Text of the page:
When I bought the watermelon I had to keep the label!
I made this while my cleaning lady was here and she seemed to really like it, so I mailed it to her for a surprise.
Still using the precious faux Australian stamps made by the late Nat Uhing. I think she’d like to see her work still circulating. The ticket is from my Jeopardy! audition trip.
I wonder how long it’ll take me to reach 300! At this pace I should be get there before the holidays.
My goal was five postcards a week, but the month was crazy and challenging and I made only five in the whole month (plus one I’m working on, a manipulated photo from Paris that I’m experimenting with hand-coloring; look for that in a later post).
Here’s my 2019 output so far:
This may be my last swap. The cards are beginning to look so much alike that it seems there’s one classroom, technique or factory cranking them out.
My goal for 2019 is to produce “Kindness Cards,” which I may donate to organizations that can sell them to their members to raise money, or I will send them or give them away to remind people of the importance of kindness. Some will be original art; others may be produced with computer graphics, allowing me to make many more cards.
The cards in sent for this swap can be seen here.
Here are cards I received from the Fall ihanna swap. Most are from around the U.S. One was from the U.K. I received only nine this time; the tenth one below, the small one on the lower right, was a return in thanks for one I sent.
I’m giving myself an art day today. I’ll work on some knitting, begin a stitchery project, and organize the studio to get started on 2019’s Kindness Cards.
Make something beautiful this year!
I sent out my 10 postcards for the ihanna swap, but I’ve received only eight. I’m hoping the last two are international and just taking a long time. In the meantime, here are the ones I sent:
I’ll post the cards from the swap once I’ve received all of them.
Happy holidays! See you in 2019!
I received a total of 11 cards this time–one person I sent to replied with a card, which was a nice surprise. (The “swap” isn’t normally a direct exchange–Hanna sends you 10 names and your name is sent to 10 different people.)
Most of my cards were from the U.S., many from California. One is from Germany. Here are the cards I received:
One of the many things I love about art is that there are no mistakes and you can’t do it wrong. Sure there are failures, um, projects that don’t work, which can go right into the trash, but it’s all part of the process. Better still there are “happy accidents,” mistakes that enhance the finished product.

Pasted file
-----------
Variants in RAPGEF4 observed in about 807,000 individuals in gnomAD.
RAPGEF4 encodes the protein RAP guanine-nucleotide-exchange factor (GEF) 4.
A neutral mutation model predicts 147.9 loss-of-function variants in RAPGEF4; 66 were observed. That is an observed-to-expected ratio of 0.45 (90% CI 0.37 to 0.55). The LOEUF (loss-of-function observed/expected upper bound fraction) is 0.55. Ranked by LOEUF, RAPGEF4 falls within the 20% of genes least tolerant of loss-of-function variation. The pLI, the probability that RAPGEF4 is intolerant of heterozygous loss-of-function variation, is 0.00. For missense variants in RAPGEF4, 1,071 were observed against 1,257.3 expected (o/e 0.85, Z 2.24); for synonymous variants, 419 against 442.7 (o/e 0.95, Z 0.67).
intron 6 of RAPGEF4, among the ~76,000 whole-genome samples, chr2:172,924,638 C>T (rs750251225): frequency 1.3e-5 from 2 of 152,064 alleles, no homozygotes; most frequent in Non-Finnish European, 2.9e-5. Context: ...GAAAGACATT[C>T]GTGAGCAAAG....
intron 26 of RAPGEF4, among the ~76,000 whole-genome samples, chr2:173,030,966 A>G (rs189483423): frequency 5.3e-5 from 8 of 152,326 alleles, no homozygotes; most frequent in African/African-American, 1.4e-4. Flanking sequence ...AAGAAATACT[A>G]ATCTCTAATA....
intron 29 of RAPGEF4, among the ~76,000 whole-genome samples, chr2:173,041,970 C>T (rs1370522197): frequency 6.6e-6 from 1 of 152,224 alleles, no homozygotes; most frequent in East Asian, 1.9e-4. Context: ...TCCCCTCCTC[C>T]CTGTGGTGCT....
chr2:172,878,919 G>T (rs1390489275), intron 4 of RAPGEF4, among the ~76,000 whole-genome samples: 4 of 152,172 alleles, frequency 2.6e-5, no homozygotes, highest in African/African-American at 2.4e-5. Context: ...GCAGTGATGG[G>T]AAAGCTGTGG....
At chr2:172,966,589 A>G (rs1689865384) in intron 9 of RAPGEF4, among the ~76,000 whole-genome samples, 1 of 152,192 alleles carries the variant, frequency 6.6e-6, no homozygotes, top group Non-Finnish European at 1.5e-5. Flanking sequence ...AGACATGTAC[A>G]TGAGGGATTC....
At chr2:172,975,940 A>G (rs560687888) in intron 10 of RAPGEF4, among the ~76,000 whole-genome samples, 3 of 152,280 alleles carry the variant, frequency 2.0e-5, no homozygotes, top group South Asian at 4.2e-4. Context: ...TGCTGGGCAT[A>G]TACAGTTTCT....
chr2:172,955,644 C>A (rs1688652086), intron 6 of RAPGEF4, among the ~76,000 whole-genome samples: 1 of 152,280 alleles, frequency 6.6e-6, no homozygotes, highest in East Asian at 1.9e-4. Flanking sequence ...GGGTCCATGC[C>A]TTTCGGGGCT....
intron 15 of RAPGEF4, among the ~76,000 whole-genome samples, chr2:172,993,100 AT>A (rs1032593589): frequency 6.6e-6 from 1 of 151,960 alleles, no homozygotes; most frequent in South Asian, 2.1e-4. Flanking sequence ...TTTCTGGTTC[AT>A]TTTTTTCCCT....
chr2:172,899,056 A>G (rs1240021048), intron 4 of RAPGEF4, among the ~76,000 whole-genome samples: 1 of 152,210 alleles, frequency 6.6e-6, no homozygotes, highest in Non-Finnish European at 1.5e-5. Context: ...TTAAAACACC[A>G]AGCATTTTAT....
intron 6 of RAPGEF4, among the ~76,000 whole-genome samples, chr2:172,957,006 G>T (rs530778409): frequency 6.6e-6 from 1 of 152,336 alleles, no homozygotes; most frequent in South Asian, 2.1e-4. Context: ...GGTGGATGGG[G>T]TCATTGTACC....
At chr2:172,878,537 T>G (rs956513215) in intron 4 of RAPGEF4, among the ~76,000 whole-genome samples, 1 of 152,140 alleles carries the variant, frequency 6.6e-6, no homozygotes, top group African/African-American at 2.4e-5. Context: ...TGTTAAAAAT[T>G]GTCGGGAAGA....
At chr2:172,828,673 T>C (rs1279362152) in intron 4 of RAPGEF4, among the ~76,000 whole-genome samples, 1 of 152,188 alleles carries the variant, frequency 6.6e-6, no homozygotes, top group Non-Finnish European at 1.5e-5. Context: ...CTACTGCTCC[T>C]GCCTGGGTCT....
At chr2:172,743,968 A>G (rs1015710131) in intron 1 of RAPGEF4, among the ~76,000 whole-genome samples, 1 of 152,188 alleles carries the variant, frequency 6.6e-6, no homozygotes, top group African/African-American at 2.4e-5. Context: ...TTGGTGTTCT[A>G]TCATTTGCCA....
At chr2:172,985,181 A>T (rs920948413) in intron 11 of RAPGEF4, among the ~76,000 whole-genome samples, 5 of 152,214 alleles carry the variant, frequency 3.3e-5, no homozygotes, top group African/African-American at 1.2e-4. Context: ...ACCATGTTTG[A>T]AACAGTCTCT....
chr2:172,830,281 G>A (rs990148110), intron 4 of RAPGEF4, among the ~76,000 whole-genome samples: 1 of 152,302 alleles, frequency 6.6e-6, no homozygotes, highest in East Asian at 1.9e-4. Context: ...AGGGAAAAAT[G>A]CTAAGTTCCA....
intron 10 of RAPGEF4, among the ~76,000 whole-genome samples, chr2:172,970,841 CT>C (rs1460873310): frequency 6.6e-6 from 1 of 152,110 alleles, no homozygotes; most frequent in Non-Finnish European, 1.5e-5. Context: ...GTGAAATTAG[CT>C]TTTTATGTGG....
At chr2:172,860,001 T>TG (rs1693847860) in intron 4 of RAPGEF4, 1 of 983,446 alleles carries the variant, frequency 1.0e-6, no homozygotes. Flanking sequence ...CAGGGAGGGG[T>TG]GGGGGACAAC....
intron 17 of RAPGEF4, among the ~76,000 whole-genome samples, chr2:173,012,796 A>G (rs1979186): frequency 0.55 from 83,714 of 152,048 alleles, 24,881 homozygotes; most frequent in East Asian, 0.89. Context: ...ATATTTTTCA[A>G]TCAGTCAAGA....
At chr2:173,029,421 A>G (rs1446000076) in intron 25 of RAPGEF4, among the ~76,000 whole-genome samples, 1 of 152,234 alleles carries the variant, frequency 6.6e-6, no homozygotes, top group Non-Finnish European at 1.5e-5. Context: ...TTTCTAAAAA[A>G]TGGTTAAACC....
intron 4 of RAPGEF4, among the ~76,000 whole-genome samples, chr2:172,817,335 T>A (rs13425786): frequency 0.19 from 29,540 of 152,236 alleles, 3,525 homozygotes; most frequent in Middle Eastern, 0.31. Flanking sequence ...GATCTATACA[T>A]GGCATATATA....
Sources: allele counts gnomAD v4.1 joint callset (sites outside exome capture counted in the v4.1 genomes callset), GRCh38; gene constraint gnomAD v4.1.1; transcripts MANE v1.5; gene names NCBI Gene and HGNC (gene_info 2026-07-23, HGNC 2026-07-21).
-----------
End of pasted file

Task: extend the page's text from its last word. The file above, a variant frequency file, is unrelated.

When I started doing postcards for swaps, about four years ago, I had no idea what I was going to do or how to do it. But knowing I have a good eye for color and composition, and a degree in art, I figured I’d learn technique as I went along. Much of my early cards were doodles in marker or quick watercolor sketches. Gradually I got into collage, where I had little experience. With a couple of jars of Mod Podge, an X-acto knife, scissors, a ruler and various card stocks and papers–and a whole lot of just playing and seeing what comes about–I’m probably making about half my cards in some sort of collage or mixed media. And it’s still a blast!
A recent card recipient asked me about my process, materials, and what happens in a swap, so rather than reply to her I thought I’d post it here, along with my most recent work. (Good swap info is on ihanna’s site.)
Since we moved into a house with space for a studio, I have a pretty good storage system–drawers, shelves, bins and–best of all, a large work table.
I get material everywhere: catalogs are printed on high-quality coated paper so they stand up well to adhesive; I cannibalize postcards and greeting cards; papers and card stock of all types; scrapbooking paper for backgrounds; magazines; calendars; stickers. Some material comes from the scrapbooking department of the craft store, but it’s mostly found objects. My favorite recent find is an empty Chinese cigarette packet–found in front of our house in Central Texas! I don’t know how I’ll use it, but I sure will.
Here is my recent output.
Remember, if you’d like a card mailed to you, email me your address, firstname.lastname@example.org. I will mail internationally.